Arguably one of the most valuable tools for investigating pupil behaviour in an educational environment is systematic classroom observation. Classroom observation is often cited as having the potential to enable research of the learning process in action. Low inference classroom observation instruments are designed to record a sequence of data points consisting of successive measurements made over a time interval, making them particularly appropriate as measurement tools of the latent learning process. This study aimed to demonstrate that the frequently used method of analysing this inherently temporal data proportionally is failing to consider variability between individual pupils that is identifiable in the original time series. Using a combination of real and simulated data, substantially more unique patterns of behaviour were found with time series analyses of the same data than with proportional analyses. It was also found that proportional analyses explained very little variability in the time series data of the same pupils. Modifying the number of samples and categories in an observation schedule did not vastly improve the relationship between proportional and time series analyses. We argue that if the methodological focus of classroom observation is on examining differences between pupils, then methods that maintain temporal aspects are preferable.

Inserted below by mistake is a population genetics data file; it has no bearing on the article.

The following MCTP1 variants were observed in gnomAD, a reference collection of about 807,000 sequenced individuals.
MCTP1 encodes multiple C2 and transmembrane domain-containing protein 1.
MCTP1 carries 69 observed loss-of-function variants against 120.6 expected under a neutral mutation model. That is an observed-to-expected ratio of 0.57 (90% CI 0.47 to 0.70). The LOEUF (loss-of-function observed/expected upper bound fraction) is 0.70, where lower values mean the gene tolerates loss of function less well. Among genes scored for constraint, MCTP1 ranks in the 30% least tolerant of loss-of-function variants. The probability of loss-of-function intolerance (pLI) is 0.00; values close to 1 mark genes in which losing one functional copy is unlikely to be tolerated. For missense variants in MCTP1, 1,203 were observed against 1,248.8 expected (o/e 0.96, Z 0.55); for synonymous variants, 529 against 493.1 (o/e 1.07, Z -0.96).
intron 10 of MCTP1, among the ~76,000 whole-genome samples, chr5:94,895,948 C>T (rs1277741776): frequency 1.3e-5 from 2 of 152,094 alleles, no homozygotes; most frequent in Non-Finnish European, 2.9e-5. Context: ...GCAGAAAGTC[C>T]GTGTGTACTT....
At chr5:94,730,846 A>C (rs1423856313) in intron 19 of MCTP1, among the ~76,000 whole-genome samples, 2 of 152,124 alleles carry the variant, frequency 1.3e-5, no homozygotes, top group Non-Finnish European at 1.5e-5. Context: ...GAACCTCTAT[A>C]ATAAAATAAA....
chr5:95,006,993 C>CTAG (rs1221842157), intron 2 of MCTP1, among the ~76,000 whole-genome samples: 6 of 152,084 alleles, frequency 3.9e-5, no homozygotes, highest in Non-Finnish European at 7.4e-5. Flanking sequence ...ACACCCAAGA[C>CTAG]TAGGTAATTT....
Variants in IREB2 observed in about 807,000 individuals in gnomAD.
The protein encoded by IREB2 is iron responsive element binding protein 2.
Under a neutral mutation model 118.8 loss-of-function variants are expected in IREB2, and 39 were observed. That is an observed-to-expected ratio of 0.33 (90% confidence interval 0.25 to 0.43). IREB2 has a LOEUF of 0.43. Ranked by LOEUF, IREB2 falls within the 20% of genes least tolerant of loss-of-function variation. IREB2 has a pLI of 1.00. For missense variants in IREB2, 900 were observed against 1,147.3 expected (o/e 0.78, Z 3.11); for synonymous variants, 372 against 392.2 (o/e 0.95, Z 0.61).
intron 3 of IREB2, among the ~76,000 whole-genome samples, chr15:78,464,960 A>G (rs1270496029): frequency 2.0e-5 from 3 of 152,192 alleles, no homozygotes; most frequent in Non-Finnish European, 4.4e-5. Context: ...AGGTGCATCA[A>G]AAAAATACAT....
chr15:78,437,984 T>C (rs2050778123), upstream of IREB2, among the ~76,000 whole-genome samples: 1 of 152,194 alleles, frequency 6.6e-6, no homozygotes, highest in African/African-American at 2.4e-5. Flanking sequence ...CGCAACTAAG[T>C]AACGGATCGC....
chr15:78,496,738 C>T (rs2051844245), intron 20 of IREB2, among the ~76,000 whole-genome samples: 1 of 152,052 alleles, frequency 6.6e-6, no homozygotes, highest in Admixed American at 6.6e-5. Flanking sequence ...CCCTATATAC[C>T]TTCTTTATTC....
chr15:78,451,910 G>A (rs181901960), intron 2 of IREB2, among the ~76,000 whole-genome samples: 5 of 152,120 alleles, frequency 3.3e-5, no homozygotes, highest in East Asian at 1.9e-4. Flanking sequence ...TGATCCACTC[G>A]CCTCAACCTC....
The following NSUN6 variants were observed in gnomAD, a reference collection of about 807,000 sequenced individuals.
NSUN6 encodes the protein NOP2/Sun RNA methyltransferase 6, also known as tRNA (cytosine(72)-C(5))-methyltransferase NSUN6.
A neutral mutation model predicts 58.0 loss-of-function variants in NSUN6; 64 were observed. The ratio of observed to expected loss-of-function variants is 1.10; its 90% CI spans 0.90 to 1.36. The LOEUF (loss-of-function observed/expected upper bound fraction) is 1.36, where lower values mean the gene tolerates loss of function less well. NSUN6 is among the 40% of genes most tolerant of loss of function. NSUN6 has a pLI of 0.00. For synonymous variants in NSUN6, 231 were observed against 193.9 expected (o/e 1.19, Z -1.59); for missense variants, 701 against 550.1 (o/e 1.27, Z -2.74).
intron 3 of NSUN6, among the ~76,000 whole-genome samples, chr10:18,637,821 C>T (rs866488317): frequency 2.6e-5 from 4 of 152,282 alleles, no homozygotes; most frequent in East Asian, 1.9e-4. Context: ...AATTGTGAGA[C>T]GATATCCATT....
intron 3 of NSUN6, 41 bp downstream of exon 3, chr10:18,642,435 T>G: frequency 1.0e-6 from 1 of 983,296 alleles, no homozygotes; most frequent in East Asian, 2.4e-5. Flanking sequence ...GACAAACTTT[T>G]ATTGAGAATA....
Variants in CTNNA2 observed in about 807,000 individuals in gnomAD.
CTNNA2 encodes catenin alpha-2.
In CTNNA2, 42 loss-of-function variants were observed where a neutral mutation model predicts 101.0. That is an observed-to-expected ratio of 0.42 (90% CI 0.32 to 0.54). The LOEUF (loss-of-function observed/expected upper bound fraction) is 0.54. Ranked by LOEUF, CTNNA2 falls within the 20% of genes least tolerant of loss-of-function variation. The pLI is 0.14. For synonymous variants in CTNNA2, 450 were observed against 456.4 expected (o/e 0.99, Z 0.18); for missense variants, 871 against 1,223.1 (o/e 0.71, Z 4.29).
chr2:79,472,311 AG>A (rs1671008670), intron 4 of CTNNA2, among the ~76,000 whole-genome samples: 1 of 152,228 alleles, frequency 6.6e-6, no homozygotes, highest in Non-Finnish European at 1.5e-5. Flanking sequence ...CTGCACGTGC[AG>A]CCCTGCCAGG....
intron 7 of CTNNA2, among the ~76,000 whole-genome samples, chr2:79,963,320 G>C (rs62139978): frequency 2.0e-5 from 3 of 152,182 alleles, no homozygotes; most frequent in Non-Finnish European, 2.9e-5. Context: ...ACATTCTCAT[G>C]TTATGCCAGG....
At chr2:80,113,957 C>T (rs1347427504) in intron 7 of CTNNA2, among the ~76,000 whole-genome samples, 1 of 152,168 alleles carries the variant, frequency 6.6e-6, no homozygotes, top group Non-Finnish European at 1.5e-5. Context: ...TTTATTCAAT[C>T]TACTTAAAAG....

|Journal||International Journal of Research and Method in Education|
|Early online date||13 Nov 2019|
|Publication status||Early online date - 13 Nov 2019|